Tuesday was a pretty horrible day at work -- cold, raining. And my friend, who is not on the overtime desired list, was given part of an open route to carry. I went home at 7:30 that night, and he wasn't back off the street by then, so no telling how late he got back.
Anyway, he called in sick Wednesday morning. Actually, he called in for Wednesday and Thursday, which most PO workers do since our sick calls get tracked -- most folks just take two days on one call in. I figured it was a protest sick call. Sometimes that's the only way you can get your point across -- I don't want to work overtime and you keep forcing me, so bingo . . . I'll take a couple of days off. Get the message, boss?
Well, he didn't come to work on Friday either. And no call in this time. No one could get ahold of him. We get to work Saturday and get the sucker punch to the gut -- he's dead. Died in the hospital of pneumonia.
Just like that. Gone.
I had known this guy for nearly 26 years. When I was speaking to our union president Saturday morning, I used the word "gentle" to describe him. Our president said that was probably the perfect one word description of my friend. He was one of those guys that wouldn't say beans if he had a mouthful. Always soft-spoken, a ready smile -- he moved through the world and barely left a ripple behind him.
It's easy to be a wonderful person when everything is smooth sailing and problem free. It is how we behave, what we project and become under duress that gives a better indication of who we are inside. I never heard my friend say a bad word about anyone. Ever. Despite the increasingly stressful workload and atmosphere at the Post Office, my friend was never ranting or raving like so many of my co-workers. He didn't want to carry overtime. He was on what we refer to as the work assignment list. Meaning he just wanted to do his own route and go home each day. But with the daily understaffing, he was often asked to help out. And he did. Without complaint, again, unlike so many of my co-workers.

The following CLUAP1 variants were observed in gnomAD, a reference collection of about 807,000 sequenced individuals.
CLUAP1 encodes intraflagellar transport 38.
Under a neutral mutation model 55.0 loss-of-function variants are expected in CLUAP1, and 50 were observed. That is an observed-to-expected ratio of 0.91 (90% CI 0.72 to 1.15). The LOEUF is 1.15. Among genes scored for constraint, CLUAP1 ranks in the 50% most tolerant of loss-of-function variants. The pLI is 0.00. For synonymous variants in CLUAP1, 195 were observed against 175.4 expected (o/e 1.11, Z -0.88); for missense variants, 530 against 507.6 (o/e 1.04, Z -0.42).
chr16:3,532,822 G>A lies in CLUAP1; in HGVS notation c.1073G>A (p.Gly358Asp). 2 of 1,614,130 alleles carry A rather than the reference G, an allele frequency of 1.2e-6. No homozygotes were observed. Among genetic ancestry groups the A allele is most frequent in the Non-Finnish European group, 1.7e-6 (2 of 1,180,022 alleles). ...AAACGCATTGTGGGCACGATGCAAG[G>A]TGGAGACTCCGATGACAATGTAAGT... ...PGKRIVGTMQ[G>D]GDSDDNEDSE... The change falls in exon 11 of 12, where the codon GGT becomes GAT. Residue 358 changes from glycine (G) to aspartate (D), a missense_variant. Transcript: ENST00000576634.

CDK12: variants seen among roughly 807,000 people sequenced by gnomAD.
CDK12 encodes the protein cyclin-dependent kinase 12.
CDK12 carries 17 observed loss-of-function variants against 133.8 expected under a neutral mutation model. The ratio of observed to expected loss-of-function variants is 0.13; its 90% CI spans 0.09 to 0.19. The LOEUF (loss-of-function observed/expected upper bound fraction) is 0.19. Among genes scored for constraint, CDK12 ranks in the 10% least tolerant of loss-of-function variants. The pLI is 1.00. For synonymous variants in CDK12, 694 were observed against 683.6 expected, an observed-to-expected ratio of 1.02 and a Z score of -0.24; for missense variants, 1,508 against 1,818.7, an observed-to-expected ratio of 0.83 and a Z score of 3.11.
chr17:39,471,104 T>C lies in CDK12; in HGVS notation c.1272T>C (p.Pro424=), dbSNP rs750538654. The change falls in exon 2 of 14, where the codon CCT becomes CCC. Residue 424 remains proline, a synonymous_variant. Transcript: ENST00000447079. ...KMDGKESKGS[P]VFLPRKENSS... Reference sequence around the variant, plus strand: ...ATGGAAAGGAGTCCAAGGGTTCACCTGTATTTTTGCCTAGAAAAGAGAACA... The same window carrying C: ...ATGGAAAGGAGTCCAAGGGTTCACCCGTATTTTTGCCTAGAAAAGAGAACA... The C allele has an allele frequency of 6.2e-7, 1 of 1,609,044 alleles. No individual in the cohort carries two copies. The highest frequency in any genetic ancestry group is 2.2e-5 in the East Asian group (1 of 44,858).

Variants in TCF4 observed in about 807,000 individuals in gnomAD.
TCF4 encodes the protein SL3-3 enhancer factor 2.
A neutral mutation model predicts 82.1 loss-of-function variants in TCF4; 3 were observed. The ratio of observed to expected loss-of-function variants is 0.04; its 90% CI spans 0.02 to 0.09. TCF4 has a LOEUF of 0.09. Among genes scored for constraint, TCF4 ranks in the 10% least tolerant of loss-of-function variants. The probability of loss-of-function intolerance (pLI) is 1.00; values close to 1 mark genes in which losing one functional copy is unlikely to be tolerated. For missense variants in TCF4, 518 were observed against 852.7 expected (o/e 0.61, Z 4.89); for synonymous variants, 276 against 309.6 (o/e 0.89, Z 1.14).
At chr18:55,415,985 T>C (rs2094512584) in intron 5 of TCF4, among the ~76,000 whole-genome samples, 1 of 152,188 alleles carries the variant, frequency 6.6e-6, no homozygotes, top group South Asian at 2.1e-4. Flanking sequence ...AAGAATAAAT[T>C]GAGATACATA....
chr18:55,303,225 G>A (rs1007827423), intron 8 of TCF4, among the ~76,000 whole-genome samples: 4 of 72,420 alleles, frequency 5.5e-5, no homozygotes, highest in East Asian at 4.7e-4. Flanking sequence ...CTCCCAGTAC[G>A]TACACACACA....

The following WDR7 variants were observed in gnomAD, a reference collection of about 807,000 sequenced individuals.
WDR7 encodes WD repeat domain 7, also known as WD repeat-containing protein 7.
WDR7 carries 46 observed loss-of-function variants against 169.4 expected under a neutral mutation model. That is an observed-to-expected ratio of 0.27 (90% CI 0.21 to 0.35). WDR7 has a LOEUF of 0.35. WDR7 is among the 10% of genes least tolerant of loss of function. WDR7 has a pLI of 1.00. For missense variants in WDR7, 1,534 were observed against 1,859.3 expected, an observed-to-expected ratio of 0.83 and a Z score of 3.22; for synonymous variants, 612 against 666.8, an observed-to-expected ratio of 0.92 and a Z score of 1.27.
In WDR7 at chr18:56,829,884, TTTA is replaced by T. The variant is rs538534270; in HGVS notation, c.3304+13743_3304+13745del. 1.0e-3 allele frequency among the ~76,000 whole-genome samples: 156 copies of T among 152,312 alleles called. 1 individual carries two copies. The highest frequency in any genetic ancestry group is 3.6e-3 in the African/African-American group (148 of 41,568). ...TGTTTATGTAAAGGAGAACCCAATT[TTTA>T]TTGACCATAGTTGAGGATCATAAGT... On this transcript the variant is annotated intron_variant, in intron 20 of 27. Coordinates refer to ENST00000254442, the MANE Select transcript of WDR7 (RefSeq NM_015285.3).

With all the problems at work, you could see my friend was concerned about things management was doing, often in violation of the contract, and yet though he would question and comment on things, he was never angry or ranting like many others do. Instead, he was just this pleasant, calming presence at work. He adopted one of our more troubled co-workers, doting on her, befriending her, bringing her coffee or a little something in the morning. He would help one of the tinier employee's push her very heavy hamper out through our busted up parking lot to her truck. Little random acts of kindness. Something rare in this world.
The acting OIC was at the office to speak about my friend. He went on about what a great mailman he was and others chipped in with similar statements. My friend shouldn't be defined, nor should any of us, by his job. It was not being a mailman that defined my friend, but how he handled himself day to day at work does tell us about what kind of person, what kind of man, he was -- decent, caring, trustworthy, honorable . . . that's who he was and how he should be remembered.
We see so many people around us each day -- miserable, execrable, rotten human beings that fall ass backward into money, and fame, and the easy life, or commit terrible acts upon society, and they seem to live forever. Taunting us with their immortality and invulnerability. And yet my friend, one of the simplest and softest people I've ever known, is snatched away in the blink of an eye. He spent 26 years toiling in this hellhole of a job, and never got to have that period of rest that we all hope for at the end of our working days. That just sucks.
Though I knew him for many years. I didn't know him intimately. We weren't buds, we didn't hang around, and that's my loss. I should have taken the time to get to know him better.
So, goodbye Ivan. I'll miss you. We all will.